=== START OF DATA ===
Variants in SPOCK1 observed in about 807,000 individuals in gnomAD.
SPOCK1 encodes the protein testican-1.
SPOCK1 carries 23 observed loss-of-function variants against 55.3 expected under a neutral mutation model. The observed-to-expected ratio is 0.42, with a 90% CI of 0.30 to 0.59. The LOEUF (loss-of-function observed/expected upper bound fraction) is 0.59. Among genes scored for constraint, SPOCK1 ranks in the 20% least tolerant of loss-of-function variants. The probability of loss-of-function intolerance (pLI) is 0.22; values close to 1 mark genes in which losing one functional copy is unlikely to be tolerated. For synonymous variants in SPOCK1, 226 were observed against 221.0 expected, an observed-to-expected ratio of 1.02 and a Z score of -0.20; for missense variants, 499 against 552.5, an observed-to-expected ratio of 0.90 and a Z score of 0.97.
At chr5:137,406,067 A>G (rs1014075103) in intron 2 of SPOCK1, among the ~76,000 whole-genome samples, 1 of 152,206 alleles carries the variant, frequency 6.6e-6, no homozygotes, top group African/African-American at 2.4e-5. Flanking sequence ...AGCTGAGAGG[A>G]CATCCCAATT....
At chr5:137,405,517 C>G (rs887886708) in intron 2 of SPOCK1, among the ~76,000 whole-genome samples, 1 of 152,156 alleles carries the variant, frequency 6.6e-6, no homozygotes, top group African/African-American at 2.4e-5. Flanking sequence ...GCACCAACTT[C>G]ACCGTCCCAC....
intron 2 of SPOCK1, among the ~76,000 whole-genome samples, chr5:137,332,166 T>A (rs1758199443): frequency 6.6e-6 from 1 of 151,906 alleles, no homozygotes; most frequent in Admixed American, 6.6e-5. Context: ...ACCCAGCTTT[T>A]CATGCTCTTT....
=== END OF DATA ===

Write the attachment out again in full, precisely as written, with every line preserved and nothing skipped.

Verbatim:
Variants in SPOCK1 observed in about 807,000 individuals in gnomAD.
SPOCK1 encodes the protein testican-1.
SPOCK1 carries 23 observed loss-of-function variants against 55.3 expected under a neutral mutation model. The observed-to-expected ratio is 0.42, with a 90% CI of 0.30 to 0.59. The LOEUF (loss-of-function observed/expected upper bound fraction) is 0.59. Among genes scored for constraint, SPOCK1 ranks in the 20% least tolerant of loss-of-function variants. The probability of loss-of-function intolerance (pLI) is 0.22; values close to 1 mark genes in which losing one functional copy is unlikely to be tolerated. For synonymous variants in SPOCK1, 226 were observed against 221.0 expected, an observed-to-expected ratio of 1.02 and a Z score of -0.20; for missense variants, 499 against 552.5, an observed-to-expected ratio of 0.90 and a Z score of 0.97.
At chr5:137,406,067 A>G (rs1014075103) in intron 2 of SPOCK1, among the ~76,000 whole-genome samples, 1 of 152,206 alleles carries the variant, frequency 6.6e-6, no homozygotes, top group African/African-American at 2.4e-5. Flanking sequence ...AGCTGAGAGG[A>G]CATCCCAATT....
At chr5:137,405,517 C>G (rs887886708) in intron 2 of SPOCK1, among the ~76,000 whole-genome samples, 1 of 152,156 alleles carries the variant, frequency 6.6e-6, no homozygotes, top group African/African-American at 2.4e-5. Flanking sequence ...GCACCAACTT[C>G]ACCGTCCCAC....
intron 2 of SPOCK1, among the ~76,000 whole-genome samples, chr5:137,332,166 T>A (rs1758199443): frequency 6.6e-6 from 1 of 151,906 alleles, no homozygotes; most frequent in Admixed American, 6.6e-5. Context: ...ACCCAGCTTT[T>A]CATGCTCTTT....